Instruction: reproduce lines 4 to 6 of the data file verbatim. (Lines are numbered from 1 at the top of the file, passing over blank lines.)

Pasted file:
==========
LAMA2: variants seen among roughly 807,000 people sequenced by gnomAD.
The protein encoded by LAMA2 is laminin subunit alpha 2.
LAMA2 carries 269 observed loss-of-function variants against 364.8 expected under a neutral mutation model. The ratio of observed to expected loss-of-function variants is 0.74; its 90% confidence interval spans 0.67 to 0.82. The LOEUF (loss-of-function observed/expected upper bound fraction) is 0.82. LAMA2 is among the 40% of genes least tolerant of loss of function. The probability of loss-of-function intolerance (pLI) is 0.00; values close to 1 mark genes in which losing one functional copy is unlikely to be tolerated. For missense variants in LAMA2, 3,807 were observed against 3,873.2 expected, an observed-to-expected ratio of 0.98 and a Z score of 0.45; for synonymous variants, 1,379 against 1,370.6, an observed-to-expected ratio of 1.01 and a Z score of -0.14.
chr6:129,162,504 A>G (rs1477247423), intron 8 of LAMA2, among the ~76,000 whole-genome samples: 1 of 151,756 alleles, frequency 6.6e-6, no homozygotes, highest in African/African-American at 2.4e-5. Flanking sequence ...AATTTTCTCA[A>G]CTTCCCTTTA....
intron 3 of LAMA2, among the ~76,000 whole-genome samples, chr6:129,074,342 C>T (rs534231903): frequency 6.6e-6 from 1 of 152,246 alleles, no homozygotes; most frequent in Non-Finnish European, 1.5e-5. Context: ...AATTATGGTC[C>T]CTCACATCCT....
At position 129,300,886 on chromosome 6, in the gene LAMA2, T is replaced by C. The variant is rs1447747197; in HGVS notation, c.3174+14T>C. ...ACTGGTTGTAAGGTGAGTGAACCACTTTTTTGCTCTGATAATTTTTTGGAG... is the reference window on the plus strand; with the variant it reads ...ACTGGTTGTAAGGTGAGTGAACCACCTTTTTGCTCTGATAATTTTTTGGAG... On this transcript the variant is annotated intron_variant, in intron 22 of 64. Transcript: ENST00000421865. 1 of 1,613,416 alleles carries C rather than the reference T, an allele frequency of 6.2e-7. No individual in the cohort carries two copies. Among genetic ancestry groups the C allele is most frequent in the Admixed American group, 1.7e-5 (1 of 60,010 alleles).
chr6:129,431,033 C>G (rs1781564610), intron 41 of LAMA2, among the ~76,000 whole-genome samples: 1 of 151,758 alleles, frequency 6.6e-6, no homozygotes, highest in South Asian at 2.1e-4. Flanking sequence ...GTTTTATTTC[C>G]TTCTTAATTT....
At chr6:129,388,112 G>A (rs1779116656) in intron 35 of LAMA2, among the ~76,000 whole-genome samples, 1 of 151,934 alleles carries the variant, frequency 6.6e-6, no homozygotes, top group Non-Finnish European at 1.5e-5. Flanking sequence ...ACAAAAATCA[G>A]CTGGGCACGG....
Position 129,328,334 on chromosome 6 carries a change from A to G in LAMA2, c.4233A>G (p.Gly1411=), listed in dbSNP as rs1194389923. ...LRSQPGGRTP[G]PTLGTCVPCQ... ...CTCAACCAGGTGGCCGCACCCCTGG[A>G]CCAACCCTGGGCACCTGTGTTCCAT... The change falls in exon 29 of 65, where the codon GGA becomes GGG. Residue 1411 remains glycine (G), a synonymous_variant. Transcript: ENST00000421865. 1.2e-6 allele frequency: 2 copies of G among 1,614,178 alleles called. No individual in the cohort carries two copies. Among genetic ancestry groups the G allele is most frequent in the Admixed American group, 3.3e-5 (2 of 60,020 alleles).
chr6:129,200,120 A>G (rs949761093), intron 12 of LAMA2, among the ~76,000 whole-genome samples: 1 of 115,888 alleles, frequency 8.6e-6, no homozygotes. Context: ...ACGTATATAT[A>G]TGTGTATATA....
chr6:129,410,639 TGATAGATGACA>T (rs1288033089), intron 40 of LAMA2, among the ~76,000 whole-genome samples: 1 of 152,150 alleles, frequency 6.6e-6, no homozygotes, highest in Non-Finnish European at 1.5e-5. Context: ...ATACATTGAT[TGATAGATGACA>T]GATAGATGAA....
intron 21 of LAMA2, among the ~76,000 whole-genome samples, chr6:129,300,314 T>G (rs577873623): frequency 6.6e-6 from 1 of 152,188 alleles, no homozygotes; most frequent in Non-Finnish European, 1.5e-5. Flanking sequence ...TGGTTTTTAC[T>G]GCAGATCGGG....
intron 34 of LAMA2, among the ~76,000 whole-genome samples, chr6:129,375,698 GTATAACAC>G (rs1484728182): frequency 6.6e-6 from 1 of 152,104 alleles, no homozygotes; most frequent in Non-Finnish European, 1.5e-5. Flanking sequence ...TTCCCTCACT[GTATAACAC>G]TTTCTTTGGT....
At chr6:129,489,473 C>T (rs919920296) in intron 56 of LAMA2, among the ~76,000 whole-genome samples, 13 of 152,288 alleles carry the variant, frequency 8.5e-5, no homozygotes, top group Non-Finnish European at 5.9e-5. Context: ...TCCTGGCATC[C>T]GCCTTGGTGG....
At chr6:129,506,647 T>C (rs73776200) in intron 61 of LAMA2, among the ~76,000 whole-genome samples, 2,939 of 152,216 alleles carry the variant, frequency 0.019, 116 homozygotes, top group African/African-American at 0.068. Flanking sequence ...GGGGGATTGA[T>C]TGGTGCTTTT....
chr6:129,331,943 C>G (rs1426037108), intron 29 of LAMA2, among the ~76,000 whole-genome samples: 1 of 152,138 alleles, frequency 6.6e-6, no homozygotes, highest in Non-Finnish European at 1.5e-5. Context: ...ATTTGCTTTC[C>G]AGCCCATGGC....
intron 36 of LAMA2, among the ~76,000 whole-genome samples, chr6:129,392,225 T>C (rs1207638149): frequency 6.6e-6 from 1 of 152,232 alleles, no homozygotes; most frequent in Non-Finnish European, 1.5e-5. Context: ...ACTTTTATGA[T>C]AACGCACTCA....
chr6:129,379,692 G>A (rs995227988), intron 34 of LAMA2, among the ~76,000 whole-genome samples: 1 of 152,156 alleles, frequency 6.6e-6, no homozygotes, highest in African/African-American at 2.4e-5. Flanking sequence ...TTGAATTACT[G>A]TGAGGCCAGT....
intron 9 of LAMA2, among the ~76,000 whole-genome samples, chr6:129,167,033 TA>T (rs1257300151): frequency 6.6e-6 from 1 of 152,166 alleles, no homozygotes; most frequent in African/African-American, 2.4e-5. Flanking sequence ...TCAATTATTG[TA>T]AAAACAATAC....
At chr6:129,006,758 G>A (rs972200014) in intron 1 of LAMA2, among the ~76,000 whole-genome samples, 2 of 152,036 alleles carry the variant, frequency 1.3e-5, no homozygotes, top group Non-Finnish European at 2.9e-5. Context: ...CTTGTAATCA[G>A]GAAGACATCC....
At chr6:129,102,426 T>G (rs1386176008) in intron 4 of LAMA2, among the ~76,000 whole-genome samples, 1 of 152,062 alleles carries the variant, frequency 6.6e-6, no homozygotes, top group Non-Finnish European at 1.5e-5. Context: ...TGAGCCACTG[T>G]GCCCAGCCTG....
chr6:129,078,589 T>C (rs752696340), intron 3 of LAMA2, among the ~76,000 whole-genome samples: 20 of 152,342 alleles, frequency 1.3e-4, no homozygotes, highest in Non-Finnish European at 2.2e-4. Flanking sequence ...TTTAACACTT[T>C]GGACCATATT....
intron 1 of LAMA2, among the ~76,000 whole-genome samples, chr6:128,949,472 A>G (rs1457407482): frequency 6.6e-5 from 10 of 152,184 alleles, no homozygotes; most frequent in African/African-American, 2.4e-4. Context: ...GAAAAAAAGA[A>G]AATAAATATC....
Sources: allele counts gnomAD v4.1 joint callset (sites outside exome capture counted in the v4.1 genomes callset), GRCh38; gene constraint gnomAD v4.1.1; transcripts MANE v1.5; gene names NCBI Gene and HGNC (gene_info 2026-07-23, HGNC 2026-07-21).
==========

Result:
chr6:129,162,504 A>G (rs1477247423), intron 8 of LAMA2, among the ~76,000 whole-genome samples: 1 of 151,756 alleles, frequency 6.6e-6, no homozygotes, highest in African/African-American at 2.4e-5. Flanking sequence ...AATTTTCTCA[A>G]CTTCCCTTTA....
intron 3 of LAMA2, among the ~76,000 whole-genome samples, chr6:129,074,342 C>T (rs534231903): frequency 6.6e-6 from 1 of 152,246 alleles, no homozygotes; most frequent in Non-Finnish European, 1.5e-5. Context: ...AATTATGGTC[C>T]CTCACATCCT....
At position 129,300,886 on chromosome 6, in the gene LAMA2, T is replaced by C. The variant is rs1447747197; in HGVS notation, c.3174+14T>C. ...ACTGGTTGTAAGGTGAGTGAACCACTTTTTTGCTCTGATAATTTTTTGGAG... is the reference window on the plus strand; with the variant it reads ...ACTGGTTGTAAGGTGAGTGAACCACCTTTTTGCTCTGATAATTTTTTGGAG... On this transcript the variant is annotated intron_variant, in intron 22 of 64. Transcript: ENST00000421865. 1 of 1,613,416 alleles carries C rather than the reference T, an allele frequency of 6.2e-7. No individual in the cohort carries two copies. Among genetic ancestry groups the C allele is most frequent in the Admixed American group, 1.7e-5 (1 of 60,010 alleles).